subcortex


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Related to subcortex: corticalization

sub·cor·tex

 (sŭb-kôr′tĕks)
n. pl. sub·cor·ti·ces (-tĭ-sēz′)
The portion of the brain immediately below the cerebral cortex.

sub·cor′ti·cal (-tĭ-kəl) adj.
sub·cor′ti·cal·ly adv.

subcortex

(sʌbˈkɔːtɛks)
n, pl -tices (-tɪˌsiːz)
(Anatomy) anatomy the matter of the brain situated beneath the cerebral cortex
subcortical adj

sub•cor•tex

(sʌbˈkɔr tɛks)
n., pl. -ti•ces (-təˌsiz)
the region of the brain that lies below the cerebral cortex.
sub•cor′ti•cal (-tɪ kəl) adj.
References in periodicals archive ?
[6] In extra-pontine myelinolysis cases, these features are observed frequently in the corpus callosum, basal ganglia, hippocampus, lateral geniculate body, thalamus, cerebellum, and cerebral subcortex, and it is observed infrequently in the midbrain, internal capsule, and medulla oblongata.
The damage to the swallowing center of the cortex or subcortex in stroke patients resulted in decreased coordination of swallowing muscles and prolonged muscle activity.
Unlike other aspects of language, swearing triggers a reaction in the subcortex, a more primitive part of the brain that's also responsible for emotions and bodily functions.
In our case, although slightly hypointense change on MRI-T2 and FLAIR images was observed in the subcortex area of the left cerebrum, no changes indicating edema or stroke were seen at all.
Characteristic findings in the brain and spinal cord include thin cerebral cortices with enlarged ventricles and increased extra-axial fluid collections, intracranial calcifications particularly between the cortex and subcortex, abnormal gyral patterns, absent or hypoplastic corpus callosum, hypoplasia of the cerebellum or cerebellar vermis, and hypoplasia of the ventral cord (8-10).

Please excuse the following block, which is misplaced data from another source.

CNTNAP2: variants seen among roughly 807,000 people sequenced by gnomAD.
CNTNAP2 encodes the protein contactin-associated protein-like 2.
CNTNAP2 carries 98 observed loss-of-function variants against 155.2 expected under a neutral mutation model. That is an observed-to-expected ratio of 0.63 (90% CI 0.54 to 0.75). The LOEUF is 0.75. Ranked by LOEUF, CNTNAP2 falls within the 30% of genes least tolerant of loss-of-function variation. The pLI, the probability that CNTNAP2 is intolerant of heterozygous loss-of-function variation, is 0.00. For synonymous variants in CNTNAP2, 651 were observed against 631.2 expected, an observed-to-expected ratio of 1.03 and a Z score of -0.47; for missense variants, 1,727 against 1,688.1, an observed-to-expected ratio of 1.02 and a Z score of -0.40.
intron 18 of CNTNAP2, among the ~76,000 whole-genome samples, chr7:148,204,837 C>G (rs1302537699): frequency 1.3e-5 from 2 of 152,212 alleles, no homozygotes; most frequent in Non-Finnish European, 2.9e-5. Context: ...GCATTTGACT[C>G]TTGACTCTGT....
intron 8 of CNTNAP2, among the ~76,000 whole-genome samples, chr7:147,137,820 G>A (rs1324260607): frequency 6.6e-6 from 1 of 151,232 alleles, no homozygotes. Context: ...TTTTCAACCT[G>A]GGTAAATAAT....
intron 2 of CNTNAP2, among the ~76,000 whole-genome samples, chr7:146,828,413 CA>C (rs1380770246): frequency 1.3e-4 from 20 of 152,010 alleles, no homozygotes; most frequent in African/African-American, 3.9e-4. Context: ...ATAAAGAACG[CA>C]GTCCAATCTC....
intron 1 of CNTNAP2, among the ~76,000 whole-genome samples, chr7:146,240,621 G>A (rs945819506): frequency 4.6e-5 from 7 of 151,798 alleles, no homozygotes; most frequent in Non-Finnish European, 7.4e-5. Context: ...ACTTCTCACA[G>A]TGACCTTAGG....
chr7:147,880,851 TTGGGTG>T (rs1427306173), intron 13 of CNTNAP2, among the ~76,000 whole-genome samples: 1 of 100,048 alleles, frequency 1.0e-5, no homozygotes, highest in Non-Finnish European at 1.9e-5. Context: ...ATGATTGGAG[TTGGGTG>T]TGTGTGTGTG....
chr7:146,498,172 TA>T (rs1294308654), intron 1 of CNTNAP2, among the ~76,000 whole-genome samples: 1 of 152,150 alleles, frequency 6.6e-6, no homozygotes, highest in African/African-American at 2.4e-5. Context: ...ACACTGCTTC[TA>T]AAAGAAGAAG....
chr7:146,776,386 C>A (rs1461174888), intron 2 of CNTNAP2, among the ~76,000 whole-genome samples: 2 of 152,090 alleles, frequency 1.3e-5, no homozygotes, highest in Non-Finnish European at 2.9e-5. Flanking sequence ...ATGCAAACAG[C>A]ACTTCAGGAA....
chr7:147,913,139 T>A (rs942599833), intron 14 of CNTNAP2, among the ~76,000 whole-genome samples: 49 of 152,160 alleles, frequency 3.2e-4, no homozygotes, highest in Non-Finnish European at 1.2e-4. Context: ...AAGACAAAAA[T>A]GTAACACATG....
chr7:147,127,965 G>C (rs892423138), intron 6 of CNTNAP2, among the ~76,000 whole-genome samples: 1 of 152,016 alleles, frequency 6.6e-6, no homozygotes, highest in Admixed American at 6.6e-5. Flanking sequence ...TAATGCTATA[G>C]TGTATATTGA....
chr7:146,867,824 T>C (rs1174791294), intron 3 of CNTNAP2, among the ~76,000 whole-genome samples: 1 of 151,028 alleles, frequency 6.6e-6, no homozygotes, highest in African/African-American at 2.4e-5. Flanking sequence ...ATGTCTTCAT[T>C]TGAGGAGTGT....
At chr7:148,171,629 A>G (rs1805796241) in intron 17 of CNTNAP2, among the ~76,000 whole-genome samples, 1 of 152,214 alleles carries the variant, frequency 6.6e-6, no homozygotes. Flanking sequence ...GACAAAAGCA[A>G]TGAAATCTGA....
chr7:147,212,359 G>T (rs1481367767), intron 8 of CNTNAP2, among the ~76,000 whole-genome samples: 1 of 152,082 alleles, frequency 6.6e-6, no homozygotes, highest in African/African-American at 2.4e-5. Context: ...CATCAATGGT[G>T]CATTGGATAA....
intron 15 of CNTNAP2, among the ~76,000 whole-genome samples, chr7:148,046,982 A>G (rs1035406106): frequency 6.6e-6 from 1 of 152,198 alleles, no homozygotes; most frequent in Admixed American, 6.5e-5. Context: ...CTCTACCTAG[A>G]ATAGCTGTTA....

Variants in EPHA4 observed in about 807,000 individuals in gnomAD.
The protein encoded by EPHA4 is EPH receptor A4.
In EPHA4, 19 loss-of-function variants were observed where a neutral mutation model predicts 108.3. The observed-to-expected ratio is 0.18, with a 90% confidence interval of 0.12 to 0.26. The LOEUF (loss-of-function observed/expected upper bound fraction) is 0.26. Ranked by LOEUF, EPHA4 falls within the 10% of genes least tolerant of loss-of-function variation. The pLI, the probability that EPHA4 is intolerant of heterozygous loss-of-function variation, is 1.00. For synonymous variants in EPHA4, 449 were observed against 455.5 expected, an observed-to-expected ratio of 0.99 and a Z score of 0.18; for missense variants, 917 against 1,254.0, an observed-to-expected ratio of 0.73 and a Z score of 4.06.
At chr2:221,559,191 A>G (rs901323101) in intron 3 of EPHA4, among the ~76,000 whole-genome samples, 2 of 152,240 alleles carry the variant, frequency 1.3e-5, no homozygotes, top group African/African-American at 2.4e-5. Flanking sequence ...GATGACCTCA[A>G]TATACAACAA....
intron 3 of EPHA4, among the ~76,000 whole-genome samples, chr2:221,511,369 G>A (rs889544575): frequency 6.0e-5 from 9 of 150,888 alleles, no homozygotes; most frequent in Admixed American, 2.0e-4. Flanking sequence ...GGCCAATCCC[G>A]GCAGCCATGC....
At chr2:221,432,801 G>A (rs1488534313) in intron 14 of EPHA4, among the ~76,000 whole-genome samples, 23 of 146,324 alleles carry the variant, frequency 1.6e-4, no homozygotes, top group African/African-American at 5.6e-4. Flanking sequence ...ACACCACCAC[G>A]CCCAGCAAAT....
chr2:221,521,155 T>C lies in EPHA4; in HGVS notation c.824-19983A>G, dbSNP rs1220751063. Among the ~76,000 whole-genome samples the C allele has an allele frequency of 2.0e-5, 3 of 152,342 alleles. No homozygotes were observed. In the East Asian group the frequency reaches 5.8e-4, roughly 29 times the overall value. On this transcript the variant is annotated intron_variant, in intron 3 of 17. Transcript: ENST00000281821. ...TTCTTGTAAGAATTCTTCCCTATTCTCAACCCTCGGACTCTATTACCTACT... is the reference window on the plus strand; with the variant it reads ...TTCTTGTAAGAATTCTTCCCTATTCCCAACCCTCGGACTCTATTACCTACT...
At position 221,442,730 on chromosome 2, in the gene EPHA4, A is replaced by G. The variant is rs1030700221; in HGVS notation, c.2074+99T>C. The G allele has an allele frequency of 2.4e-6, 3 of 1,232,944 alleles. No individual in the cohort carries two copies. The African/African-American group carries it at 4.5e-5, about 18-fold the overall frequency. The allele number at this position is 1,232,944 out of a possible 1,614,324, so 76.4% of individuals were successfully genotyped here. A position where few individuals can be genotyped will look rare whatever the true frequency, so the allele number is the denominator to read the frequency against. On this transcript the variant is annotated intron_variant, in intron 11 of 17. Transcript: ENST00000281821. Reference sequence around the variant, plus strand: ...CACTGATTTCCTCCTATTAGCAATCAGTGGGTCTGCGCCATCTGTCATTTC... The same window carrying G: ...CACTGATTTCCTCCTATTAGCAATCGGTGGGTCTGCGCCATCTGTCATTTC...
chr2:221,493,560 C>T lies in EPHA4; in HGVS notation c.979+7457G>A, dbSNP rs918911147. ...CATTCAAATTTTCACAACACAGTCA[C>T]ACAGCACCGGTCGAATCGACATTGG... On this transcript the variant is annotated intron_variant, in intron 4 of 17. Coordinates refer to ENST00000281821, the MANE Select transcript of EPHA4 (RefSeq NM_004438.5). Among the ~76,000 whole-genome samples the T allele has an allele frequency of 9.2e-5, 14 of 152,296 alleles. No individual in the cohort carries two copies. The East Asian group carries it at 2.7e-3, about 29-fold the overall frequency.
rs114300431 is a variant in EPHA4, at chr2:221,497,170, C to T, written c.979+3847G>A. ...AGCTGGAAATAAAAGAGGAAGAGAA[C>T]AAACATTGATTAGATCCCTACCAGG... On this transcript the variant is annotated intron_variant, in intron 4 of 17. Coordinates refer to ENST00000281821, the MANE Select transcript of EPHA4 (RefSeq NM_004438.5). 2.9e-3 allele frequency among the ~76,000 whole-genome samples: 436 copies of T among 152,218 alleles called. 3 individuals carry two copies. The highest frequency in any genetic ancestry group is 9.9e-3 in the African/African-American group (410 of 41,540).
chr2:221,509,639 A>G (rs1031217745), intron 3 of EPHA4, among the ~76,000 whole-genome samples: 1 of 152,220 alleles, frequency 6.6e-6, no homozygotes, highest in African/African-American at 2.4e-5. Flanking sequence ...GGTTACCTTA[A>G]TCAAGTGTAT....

Swallowing occurs when descending excitatory and inhibitory signals from the cortex and subcortex and ascending signals from the oropharyngeal area trigger the central pattern generator in the bulbar reticular formation (5).
The three auricular acupressure points chosen were shen men, point zero, and the subcortex point.
The procedure implies that they collected "approximately 500 anatomically discrete samples from cortex, subcortex, cerebellum, and brainstem of each brain and profiled for genome-wide gene expression using a custom Agilent 8 x 60K cDNA array chip" [3].
After the completion of the above procedure, the cerebral cortex and subcortex for each participant were anatomically parcellated into 90 regions of interest (ROI), 45 for each hemisphere, excluding the region of the cerebellum.
Shenmen (7/7) and subcortex (6/7) were the ear points of high-frequent use, which were considered primarily for alleviating pain, followed by lumbosacral region (5/7), liver (4/7), kidney (4/7), sympathetic (3/7), low back (2/7), waist (2/7), popliteal fossa (1/7), groove of spinal posterior (1/7), sciatic nerve (1/7), urinary bladder (1/7), buttock (1/7), spleen (1/7), and Ashi point (1/7), respectively.
The regions include the motor cortex, premotor cortex, dorsal lateral prefrontal cortex (DLPFC), cingulate motor area, supplementary motor area (SMA), and a few regions in the parietal lobe, subcortex, and brainstem.